Welcome to Duval Audubon Society
Connecting people with nature, conserving and restoring natural ecosystems, focusing on birds and other wildlife.
We are a chapter of the National Audubon Society. We have a membership of about 1,100 and hold monthly meetings in Jacksonville from September to May. We offer field trips, programs, workshops and other activities throughout the year. Under the drop down menu, you will find our calendar of events. We hope you'll join us!
Please Donate to Duval Audubon!
As a volunteer-run non-profit, we are grateful for your support. Every contribution helps to continue our work in Northeast Florida!
A COPY OF THE OFFICIAL REGISTRATION (#CH4724) AND FINANCIAL INFORMATION FOR DUVAL AUDUBON SOCIETY, A FLORIDA-BASED NONPROFIT ORGANIZATION, MAY BE OBTAINED FROM THE DIVISION OF CONSUMER SERVICES BY CALLING TOLL-FREE 1-800-HELP-FLA (435-7352) WITHIN THE STATE OR VISITING WWW.FLORIDACONSUMERHELP.COM. REGISTRATION DOES NOT IMPLY ENDORSEMENT, APPROVAL, OR RECOMMENDATION BY THE STATE.
In addition to our ambitious field trips and monthly programs schedule, Duval Audubon Society volunteers are active in our community, fulfilling our mission of "connecting people with nature" wherever and whenever our busy schedule allows. Here are some of our recent community outreach activities:
This fall we sponsored a bird-focused art installation and informational kiosk at Women Writing for (a) Change, Jacksonville, and led two urban bird walks for the group in the Riverside area in conjunction with their BIRDS art show and community conversation events. Their mission is "to nurture and celebrate the individual voice by facilitating supportive writing circles and by encouraging people to craft more conscious lives through the art of writing and the practices of community."
We also gave our "Birding for Beginners" presentation to Groundwork Jacksonville's CREST (Community Restoration Environmental Stewardship Training) program participants and led a wonderful bird walk for the group at McCoys Creek near Hollybrook Park. Seventeen program participants learned how to use binoculars and spotted twenty bird species during the bird walk, including an unexpected sighting of a Limpkin!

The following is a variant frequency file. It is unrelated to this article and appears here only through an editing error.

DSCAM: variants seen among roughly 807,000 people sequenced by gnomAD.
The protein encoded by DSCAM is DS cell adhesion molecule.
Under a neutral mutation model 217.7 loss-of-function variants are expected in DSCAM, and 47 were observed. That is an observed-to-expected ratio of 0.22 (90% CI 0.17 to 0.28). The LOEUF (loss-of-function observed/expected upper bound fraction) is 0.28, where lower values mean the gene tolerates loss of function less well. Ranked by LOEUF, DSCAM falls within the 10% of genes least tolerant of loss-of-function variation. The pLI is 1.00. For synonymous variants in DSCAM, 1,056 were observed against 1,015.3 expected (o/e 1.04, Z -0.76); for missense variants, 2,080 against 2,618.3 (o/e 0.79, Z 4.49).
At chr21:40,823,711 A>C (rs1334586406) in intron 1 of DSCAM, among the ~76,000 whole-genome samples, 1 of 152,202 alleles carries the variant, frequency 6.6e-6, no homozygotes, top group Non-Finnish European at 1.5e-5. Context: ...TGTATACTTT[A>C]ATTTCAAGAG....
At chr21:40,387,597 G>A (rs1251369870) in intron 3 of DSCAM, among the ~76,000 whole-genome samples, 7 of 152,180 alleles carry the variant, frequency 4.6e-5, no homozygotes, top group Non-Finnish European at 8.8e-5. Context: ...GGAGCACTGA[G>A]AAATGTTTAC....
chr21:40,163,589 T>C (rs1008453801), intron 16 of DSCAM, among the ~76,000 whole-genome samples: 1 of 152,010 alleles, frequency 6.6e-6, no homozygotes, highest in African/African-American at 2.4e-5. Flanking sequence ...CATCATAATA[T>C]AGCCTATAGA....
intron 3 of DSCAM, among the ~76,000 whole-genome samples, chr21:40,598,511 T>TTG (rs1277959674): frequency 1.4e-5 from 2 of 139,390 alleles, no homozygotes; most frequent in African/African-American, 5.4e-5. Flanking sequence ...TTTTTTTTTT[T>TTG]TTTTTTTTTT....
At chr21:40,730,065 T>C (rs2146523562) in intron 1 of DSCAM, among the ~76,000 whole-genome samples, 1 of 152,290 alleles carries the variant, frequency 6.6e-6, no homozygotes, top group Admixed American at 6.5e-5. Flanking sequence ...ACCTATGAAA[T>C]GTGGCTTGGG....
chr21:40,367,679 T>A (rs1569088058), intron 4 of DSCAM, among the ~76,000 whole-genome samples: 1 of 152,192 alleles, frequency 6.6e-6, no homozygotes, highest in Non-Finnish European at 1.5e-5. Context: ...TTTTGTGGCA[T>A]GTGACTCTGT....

According to Groundwork's Community Engagement Specialist Gloria McNair, the CREST program "works to build environmental stewardship and empower community leaders in our largely under-served urban core neighborhoods. During community engagement meetings, residents of the McCoys Creek area showed a strong interest in leadership, career, and educational opportunities for youth and adults. In response to this feedback, CREST was conceived and designed to help residents and other stakeholders of the community achieve some of their goals around personal and community growth."
This fall, chapter volunteers also gave presentations at two local garden clubs about backyard birds in the winter months as well as the best plants (native, of course) to attract and support birds, and led a special bird walk at our Crosby Sanctuary in Orange Park in partnership with our friends at the Argyle Forest Wild Birds Unlimited location.
We believe that those who appreciate the natural world around us will want to do what they can to preserve and protect it, and we are thankful for the opportunity to share our love of birds and nature with our community.
--Carol Bailey-White, Vice President
To help you create bird friendly habitat in your landscape, we are spotlighting a native plant every month that is beneficial to birds and pollinators.
This month's plant is:
Wild Poinsettia (Poinsettia cyathophora)
Wild poinsettia is a native plant which grows in scattered locations from Florida to California, north to Virginia and across to Minnesota in the Midwest. It has many names, including painted leaf, fire on the mountain, painted spurge, and summer poinsettia among them. It is a relative of the showy Mexican poinsettia which everyone uses at Christmastime. The Mexican poinsettia was first brought to the United States by Joel Poinsett, U.S. Ambassador to Mexico from 1825-1829 as he admired the red and green plant. The rest is history.
The wild poinsettia is an erect annual or short-lived perennial which grows 1-2 feet tall. It will grow in full sun to part shade with average moisture. Once established, it will tolerate considerable drought and maintains itself by self-sown seeds. Due to its ease of growth, long flowering season (autumn in North Florida and year round in South Florida), it is a welcome addition to native plant gardens. Please note that like the Mexican poinsettia, it is poisonous so be careful if you have small children or pets who might try to taste it.